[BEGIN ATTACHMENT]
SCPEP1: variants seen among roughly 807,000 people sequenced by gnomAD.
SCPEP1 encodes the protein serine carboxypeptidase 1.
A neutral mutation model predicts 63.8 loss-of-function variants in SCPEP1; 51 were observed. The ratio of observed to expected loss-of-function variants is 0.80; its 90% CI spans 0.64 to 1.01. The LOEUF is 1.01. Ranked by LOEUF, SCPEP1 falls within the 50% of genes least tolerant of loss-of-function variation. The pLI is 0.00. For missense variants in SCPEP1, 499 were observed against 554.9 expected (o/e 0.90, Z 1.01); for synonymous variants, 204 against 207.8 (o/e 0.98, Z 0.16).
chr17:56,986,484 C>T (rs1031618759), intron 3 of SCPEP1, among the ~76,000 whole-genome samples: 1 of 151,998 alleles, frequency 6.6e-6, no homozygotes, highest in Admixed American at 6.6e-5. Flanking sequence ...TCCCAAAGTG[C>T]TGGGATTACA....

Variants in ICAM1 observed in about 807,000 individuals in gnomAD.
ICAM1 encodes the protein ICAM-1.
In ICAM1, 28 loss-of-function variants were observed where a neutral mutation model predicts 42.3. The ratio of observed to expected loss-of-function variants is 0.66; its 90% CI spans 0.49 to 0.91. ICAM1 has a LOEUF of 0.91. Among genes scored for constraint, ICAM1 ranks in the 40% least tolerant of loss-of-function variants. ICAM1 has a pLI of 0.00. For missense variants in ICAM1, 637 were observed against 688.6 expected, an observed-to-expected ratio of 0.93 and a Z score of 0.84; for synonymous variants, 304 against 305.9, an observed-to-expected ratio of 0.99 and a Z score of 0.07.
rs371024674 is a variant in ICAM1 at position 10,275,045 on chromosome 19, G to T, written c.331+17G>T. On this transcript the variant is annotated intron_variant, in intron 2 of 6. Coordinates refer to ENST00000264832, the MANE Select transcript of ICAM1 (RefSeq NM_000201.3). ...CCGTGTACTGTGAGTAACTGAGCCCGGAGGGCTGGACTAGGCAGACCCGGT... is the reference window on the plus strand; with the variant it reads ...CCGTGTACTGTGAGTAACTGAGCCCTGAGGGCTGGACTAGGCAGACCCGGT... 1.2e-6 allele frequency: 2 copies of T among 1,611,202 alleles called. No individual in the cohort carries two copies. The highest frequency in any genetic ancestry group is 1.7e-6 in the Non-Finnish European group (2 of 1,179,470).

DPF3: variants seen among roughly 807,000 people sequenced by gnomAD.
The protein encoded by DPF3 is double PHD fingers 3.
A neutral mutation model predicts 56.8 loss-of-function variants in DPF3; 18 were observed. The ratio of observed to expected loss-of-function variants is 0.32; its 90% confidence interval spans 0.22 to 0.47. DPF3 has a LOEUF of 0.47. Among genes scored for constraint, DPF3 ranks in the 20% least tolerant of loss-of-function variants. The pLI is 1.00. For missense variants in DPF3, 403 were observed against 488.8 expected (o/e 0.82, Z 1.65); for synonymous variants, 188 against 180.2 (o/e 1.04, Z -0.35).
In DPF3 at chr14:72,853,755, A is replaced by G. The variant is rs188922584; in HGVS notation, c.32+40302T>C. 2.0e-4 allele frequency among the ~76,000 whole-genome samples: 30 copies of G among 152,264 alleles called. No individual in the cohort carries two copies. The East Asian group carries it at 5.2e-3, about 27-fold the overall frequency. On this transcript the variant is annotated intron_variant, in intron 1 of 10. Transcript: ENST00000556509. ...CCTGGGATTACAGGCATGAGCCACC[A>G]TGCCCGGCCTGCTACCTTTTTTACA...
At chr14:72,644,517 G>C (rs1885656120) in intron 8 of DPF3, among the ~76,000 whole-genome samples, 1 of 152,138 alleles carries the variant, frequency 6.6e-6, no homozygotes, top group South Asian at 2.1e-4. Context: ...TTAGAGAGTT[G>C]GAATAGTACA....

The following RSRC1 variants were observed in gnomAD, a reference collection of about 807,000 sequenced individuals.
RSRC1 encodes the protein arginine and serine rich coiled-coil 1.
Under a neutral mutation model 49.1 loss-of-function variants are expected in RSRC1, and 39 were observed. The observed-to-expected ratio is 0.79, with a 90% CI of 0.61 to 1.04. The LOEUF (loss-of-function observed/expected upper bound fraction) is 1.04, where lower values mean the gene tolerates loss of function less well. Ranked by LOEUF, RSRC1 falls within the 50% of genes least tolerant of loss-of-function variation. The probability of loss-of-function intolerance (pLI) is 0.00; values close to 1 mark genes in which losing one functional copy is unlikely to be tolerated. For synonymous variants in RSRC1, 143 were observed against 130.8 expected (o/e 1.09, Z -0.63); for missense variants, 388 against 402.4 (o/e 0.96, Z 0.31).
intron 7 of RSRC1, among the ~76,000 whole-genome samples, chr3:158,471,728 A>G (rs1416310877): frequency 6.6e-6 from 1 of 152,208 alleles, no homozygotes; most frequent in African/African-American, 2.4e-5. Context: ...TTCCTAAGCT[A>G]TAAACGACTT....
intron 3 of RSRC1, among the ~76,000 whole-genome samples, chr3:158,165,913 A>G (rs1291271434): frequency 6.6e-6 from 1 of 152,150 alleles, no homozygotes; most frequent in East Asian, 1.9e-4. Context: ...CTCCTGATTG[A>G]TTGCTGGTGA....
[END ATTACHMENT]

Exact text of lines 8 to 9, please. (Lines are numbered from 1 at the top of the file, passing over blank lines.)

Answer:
rs371024674 is a variant in ICAM1 at position 10,275,045 on chromosome 19, G to T, written c.331+17G>T. On this transcript the variant is annotated intron_variant, in intron 2 of 6. Coordinates refer to ENST00000264832, the MANE Select transcript of ICAM1 (RefSeq NM_000201.3). ...CCGTGTACTGTGAGTAACTGAGCCCGGAGGGCTGGACTAGGCAGACCCGGT... is the reference window on the plus strand; with the variant it reads ...CCGTGTACTGTGAGTAACTGAGCCCTGAGGGCTGGACTAGGCAGACCCGGT... 1.2e-6 allele frequency: 2 copies of T among 1,611,202 alleles called. No individual in the cohort carries two copies. The highest frequency in any genetic ancestry group is 1.7e-6 in the Non-Finnish European group (2 of 1,179,470).

DPF3: variants seen among roughly 807,000 people sequenced by gnomAD.